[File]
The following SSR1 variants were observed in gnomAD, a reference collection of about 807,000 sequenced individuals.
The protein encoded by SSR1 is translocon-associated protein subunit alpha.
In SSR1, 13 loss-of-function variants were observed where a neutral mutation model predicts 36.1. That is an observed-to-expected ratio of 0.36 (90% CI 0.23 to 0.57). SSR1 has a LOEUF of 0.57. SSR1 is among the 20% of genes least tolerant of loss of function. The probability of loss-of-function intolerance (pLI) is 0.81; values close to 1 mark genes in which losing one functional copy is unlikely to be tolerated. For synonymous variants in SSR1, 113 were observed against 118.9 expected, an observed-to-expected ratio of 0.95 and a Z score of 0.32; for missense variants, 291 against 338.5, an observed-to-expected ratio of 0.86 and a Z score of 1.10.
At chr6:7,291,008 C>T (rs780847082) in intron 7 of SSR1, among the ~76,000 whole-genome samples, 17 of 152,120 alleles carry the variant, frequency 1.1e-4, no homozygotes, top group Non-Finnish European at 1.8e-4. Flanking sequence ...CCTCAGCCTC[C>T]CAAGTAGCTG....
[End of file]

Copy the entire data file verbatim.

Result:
The following SSR1 variants were observed in gnomAD, a reference collection of about 807,000 sequenced individuals.
The protein encoded by SSR1 is translocon-associated protein subunit alpha.
In SSR1, 13 loss-of-function variants were observed where a neutral mutation model predicts 36.1. That is an observed-to-expected ratio of 0.36 (90% CI 0.23 to 0.57). SSR1 has a LOEUF of 0.57. SSR1 is among the 20% of genes least tolerant of loss of function. The probability of loss-of-function intolerance (pLI) is 0.81; values close to 1 mark genes in which losing one functional copy is unlikely to be tolerated. For synonymous variants in SSR1, 113 were observed against 118.9 expected, an observed-to-expected ratio of 0.95 and a Z score of 0.32; for missense variants, 291 against 338.5, an observed-to-expected ratio of 0.86 and a Z score of 1.10.
At chr6:7,291,008 C>T (rs780847082) in intron 7 of SSR1, among the ~76,000 whole-genome samples, 17 of 152,120 alleles carry the variant, frequency 1.1e-4, no homozygotes, top group Non-Finnish European at 1.8e-4. Flanking sequence ...CCTCAGCCTC[C>T]CAAGTAGCTG....